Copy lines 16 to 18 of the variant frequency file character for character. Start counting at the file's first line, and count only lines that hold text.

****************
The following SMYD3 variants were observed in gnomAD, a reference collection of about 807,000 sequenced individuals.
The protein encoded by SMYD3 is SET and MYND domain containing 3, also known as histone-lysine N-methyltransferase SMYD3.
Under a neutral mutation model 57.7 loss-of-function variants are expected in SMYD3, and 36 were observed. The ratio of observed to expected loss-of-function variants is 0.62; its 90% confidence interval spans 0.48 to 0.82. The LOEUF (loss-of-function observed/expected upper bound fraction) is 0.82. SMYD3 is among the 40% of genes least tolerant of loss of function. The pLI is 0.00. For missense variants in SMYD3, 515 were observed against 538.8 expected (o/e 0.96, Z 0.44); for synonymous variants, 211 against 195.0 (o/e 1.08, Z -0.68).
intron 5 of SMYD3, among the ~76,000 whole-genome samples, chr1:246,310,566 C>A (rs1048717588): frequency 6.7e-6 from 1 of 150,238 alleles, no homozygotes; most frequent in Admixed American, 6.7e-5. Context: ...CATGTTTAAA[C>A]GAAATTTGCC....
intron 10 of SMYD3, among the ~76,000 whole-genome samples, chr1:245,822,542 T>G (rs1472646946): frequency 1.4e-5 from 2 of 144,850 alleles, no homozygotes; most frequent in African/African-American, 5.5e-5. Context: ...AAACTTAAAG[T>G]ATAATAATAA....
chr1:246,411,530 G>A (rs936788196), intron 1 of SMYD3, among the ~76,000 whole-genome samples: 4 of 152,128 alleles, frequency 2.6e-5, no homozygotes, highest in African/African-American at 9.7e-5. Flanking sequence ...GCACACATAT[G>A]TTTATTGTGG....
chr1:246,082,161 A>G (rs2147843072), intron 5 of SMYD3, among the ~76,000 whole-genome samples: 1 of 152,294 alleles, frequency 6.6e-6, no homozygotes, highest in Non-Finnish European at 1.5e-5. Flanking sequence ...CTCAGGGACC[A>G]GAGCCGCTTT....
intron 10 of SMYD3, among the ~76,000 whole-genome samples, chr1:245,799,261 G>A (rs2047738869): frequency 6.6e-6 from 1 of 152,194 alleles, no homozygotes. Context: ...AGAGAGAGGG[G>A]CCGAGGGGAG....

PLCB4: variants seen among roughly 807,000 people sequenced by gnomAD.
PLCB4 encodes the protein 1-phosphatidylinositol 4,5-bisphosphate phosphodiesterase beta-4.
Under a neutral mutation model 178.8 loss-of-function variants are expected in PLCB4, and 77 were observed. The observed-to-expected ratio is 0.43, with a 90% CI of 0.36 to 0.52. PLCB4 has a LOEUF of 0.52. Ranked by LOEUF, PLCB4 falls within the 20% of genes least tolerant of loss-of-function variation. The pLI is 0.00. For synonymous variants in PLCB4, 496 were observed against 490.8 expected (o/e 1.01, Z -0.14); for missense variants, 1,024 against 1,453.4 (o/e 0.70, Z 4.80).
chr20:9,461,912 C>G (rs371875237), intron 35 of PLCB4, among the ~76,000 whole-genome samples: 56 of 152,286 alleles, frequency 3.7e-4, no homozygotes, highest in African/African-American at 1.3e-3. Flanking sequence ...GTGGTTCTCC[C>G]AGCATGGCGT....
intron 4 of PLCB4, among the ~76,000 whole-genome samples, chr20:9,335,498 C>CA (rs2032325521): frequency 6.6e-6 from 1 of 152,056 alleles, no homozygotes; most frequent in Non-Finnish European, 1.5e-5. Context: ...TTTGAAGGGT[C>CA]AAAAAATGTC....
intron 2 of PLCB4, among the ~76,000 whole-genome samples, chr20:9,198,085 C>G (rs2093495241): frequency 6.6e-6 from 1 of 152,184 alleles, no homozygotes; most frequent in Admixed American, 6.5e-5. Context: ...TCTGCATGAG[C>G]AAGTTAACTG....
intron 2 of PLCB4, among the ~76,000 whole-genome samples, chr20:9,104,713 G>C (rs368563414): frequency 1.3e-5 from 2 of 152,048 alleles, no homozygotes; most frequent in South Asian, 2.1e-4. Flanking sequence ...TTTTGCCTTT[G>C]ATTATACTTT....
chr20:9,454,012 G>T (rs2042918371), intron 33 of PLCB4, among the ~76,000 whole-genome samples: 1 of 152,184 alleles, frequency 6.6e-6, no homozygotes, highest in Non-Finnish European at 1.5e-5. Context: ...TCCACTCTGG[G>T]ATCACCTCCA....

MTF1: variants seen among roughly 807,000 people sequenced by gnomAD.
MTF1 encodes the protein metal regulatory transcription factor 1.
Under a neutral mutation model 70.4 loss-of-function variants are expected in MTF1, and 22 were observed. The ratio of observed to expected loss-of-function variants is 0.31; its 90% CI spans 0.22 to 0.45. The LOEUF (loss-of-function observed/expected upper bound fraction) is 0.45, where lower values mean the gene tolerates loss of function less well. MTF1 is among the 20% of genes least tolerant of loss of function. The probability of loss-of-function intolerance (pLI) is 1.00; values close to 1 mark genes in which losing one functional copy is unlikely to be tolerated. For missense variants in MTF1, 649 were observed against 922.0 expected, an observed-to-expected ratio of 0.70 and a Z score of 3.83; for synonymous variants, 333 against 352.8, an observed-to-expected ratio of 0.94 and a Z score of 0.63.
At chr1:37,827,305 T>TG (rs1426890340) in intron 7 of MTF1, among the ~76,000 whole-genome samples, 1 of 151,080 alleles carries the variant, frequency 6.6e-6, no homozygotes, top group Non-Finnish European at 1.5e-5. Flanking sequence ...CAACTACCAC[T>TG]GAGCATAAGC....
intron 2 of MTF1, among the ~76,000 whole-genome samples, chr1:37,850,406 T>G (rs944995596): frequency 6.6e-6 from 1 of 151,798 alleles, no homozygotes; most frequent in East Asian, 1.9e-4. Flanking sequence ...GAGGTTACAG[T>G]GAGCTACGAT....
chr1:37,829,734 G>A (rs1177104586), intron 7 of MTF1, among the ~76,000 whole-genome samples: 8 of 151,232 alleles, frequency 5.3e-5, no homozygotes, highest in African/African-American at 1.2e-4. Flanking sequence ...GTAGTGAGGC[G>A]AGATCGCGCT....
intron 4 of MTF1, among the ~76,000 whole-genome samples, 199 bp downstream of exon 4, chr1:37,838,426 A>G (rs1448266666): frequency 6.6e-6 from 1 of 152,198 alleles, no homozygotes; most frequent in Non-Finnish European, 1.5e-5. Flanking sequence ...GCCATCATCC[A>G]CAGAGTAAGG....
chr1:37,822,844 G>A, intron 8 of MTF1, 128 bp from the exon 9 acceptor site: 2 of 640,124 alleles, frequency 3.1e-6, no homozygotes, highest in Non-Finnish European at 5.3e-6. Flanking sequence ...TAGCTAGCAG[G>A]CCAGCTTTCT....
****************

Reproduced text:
chr20:9,454,012 G>T (rs2042918371), intron 33 of PLCB4, among the ~76,000 whole-genome samples: 1 of 152,184 alleles, frequency 6.6e-6, no homozygotes, highest in Non-Finnish European at 1.5e-5. Context: ...TCCACTCTGG[G>T]ATCACCTCCA....

MTF1: variants seen among roughly 807,000 people sequenced by gnomAD.
MTF1 encodes the protein metal regulatory transcription factor 1.